I’m afraid that precious few would have assessed last week’s meeting sponsored by the Jewish Community Relations Council where we were invited to meet with (the newly installed) Bishop Edward J. Burns and (the newly installed) auxiliary Bishop Gregory Kelly as one giant “moron fest”. In my opinion however, the fictional cartoon character Bullwinkle the Moose could have done a far better job coming up with questions for our Catholic guests! To wit:
What role do you see the Catholic Church playing in Sanctuary Cities? (Had Bishop Burns not been so polite, he could have patiently explained that Christianity was founded on the concept of sanctuary cities, when Mary and Joseph took their infant son and fled to a sanctuary city in Egypt to find a haven, in that word was out that the authorities viz. King Herod was out to kill all male infants. However familiar it may sound, the King was informed of the birth of the “King of the Jews”. Herod’s paranoia set in and the life every male infant was at stake. Stated differently, Jesus was in jeopardy. So let’s not start asking our guest about sanctuary cities. Besides, I don’t recall the “synagogue” taking any position on sanctuary cities. Where I come from only someone with chutzpah would dare ask such a question.)
How do intend to attract youth to the Church? (Perhaps the Catholic Church could borrow ideas from NCSY –Orthodox, USY – Conservative, and NFTY – Reform. Word has it that there is a two year wait to join the youth organizations of any of the three branches of Judaism.)
What are you doing to address antisemitism? (Don’t you just love it when you invite someone over, then proceed to hit him over the head? A far better insult question would have been: How recently has it been, since the Catholic Church last fomented Antisemitism? Perhaps the Catholic Church should take a page out of our playbook, since we Jews seem to be doing such a bang up job addressing antisemitism.)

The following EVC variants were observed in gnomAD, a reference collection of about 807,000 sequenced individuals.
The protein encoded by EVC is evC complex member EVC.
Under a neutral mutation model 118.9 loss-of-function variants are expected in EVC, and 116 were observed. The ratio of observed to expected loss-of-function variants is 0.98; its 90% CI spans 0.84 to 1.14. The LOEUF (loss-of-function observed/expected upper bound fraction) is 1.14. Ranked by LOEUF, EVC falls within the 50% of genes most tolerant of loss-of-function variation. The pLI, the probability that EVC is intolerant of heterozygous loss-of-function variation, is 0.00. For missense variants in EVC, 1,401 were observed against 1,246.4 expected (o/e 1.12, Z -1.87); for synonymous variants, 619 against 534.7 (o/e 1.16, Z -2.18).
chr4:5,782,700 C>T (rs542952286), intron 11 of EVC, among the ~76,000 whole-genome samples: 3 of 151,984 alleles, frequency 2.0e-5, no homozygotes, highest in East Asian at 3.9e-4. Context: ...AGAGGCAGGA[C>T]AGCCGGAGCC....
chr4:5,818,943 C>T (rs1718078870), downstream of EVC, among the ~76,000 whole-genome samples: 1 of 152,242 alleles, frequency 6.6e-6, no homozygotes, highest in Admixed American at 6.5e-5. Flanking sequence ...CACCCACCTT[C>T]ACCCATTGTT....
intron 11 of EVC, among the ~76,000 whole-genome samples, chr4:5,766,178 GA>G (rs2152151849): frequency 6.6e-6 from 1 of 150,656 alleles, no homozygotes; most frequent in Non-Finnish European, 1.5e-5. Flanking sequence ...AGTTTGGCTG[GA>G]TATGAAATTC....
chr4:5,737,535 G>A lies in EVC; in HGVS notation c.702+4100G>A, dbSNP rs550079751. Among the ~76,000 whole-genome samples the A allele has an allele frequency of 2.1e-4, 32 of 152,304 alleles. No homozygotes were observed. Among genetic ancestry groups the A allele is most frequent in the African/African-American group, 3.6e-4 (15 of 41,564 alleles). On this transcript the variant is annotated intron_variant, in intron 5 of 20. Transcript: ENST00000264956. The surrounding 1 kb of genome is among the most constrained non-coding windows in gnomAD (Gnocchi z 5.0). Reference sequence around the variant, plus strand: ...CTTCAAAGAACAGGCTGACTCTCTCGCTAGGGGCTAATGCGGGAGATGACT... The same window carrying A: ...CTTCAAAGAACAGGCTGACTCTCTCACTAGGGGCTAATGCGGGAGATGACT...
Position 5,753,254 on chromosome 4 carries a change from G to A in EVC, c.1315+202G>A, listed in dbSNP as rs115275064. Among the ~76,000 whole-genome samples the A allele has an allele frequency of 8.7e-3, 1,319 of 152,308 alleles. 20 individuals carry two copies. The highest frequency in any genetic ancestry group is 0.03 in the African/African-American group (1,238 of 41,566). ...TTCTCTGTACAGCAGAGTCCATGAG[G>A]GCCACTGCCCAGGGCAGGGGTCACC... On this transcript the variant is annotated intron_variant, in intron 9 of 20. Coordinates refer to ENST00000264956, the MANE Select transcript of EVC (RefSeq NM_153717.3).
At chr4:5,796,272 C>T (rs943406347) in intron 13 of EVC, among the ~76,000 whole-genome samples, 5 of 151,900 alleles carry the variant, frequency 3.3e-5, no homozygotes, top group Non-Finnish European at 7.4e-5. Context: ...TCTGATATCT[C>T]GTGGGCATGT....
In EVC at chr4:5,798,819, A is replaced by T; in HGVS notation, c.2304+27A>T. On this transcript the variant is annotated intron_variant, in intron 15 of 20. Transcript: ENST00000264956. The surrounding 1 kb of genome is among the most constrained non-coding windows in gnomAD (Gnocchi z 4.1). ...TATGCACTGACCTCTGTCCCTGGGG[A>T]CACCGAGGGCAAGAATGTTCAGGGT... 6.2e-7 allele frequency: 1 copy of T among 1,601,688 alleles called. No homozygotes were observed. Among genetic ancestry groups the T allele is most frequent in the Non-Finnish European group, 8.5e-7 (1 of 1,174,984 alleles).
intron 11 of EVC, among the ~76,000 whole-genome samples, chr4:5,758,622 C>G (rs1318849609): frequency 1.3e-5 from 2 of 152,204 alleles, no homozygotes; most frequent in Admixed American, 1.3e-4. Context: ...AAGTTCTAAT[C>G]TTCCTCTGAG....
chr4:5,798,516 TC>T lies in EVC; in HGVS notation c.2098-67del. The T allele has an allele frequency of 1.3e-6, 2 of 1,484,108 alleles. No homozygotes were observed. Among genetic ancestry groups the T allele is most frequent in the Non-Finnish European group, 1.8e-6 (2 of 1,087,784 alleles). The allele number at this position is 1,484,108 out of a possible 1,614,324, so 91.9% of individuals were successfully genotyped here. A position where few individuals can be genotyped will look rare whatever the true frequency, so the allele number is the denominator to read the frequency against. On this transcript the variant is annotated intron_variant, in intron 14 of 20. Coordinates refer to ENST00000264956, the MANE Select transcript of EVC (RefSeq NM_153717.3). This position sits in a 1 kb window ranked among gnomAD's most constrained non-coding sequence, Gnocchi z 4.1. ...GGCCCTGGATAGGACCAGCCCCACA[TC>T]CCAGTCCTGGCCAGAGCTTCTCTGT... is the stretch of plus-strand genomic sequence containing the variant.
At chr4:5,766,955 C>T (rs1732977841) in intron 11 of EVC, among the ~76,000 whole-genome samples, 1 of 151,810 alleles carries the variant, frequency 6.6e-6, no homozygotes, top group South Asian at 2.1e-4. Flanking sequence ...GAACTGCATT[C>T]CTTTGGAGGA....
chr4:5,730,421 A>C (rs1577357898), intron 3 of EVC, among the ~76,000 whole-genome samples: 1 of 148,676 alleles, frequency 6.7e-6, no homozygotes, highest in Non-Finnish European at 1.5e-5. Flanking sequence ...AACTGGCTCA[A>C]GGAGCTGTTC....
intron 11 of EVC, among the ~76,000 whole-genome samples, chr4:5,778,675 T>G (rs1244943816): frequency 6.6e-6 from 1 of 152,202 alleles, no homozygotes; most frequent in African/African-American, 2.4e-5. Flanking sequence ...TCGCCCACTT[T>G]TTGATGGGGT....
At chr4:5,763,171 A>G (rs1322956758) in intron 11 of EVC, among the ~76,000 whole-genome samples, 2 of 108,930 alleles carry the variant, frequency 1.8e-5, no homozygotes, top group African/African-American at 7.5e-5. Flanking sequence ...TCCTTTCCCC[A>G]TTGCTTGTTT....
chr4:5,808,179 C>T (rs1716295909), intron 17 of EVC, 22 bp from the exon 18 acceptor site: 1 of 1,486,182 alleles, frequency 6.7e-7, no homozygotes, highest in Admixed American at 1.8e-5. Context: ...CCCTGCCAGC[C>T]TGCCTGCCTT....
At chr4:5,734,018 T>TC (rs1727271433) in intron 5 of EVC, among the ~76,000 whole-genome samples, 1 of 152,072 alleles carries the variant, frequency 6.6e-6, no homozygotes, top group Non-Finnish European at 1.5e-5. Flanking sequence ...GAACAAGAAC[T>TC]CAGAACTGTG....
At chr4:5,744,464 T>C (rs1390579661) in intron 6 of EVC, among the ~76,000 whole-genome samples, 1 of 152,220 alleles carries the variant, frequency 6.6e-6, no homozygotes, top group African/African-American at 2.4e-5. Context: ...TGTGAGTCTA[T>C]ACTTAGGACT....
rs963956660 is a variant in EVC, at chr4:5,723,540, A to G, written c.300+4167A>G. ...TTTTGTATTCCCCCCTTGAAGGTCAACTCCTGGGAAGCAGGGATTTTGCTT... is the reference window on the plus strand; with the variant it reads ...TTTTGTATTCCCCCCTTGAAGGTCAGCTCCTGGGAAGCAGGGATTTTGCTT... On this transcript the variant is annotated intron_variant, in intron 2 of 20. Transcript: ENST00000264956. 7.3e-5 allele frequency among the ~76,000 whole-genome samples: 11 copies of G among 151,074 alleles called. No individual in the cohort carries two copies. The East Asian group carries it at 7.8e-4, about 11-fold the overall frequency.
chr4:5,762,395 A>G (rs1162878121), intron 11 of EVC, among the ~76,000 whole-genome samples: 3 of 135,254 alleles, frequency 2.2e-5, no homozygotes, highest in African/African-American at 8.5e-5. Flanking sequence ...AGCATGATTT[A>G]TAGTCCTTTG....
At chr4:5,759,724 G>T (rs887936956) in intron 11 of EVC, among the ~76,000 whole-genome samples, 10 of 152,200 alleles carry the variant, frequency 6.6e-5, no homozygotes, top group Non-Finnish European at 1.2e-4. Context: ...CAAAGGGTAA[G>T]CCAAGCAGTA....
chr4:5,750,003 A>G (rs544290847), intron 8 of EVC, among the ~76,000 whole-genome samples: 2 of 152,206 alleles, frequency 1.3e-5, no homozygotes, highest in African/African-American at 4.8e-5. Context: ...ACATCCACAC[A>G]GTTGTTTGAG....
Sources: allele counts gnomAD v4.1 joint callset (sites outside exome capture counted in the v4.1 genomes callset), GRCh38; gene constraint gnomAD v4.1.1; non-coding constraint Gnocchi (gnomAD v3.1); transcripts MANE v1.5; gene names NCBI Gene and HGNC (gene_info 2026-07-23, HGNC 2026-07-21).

A modicum of seichel (Hebrew and Yiddish for common sense) would suggest that the following three questions be asked of the Monsignors:
What do you see as the three greatest challenges confronting the Catholic Church here in the United States, at this time? Doesn’t it more sense for us to learn what is on his mind, than for him to learn what is on our minds? If we have legitimate concerns for the Bishop to address, common sense dictates that we pay him a visit. Have we gone soft in the head, inviting Bishops Burns and Kelly as our guests, only to have him appear before the makings of a (Jewish) Senate Committee hearing? Any self-respecting Christian leader would have to be out of his mind to come before a group of Jews only to be hit over the head!
What non-Catholic groups do you place at the forefront, when it comes to establishing contact and why? Sure, we Jews have our share of concerns, and yes, we have our agenda. But when all is said and done, we are not the only fish in the sea. Catholic leaders have more than their share of “tzorres.” Not only is their membership down, but so is their leadership. As far as I’m concerned, Bishop Burns and Bishop Kelly deserve the biggest Yasher Koach in the world for making the time to meet with us.
Although no one expects you to be a prophet, or the son of a prophet (Amos 7:14), where do you see the Catholic Church ten years from now? An honest answer will convey whether the Bishop is an optimist, pessimist, or realist. An honest answer will tip us off on the Bishop’s goals and aspirations. An honest answer will be in response to an honest question. There is absolutely nothing wrong, and everything right, when we Jews show a Catholic leader that we are genuinely interested in him as well his religion.
Given that precious few have assessed the May 8 meeting as a “moron fest,” when meeting with leaders of other faiths, we Jews have unfortunately become experts in ensuring that non-Jews hear from us, before we are prepared to hear from them.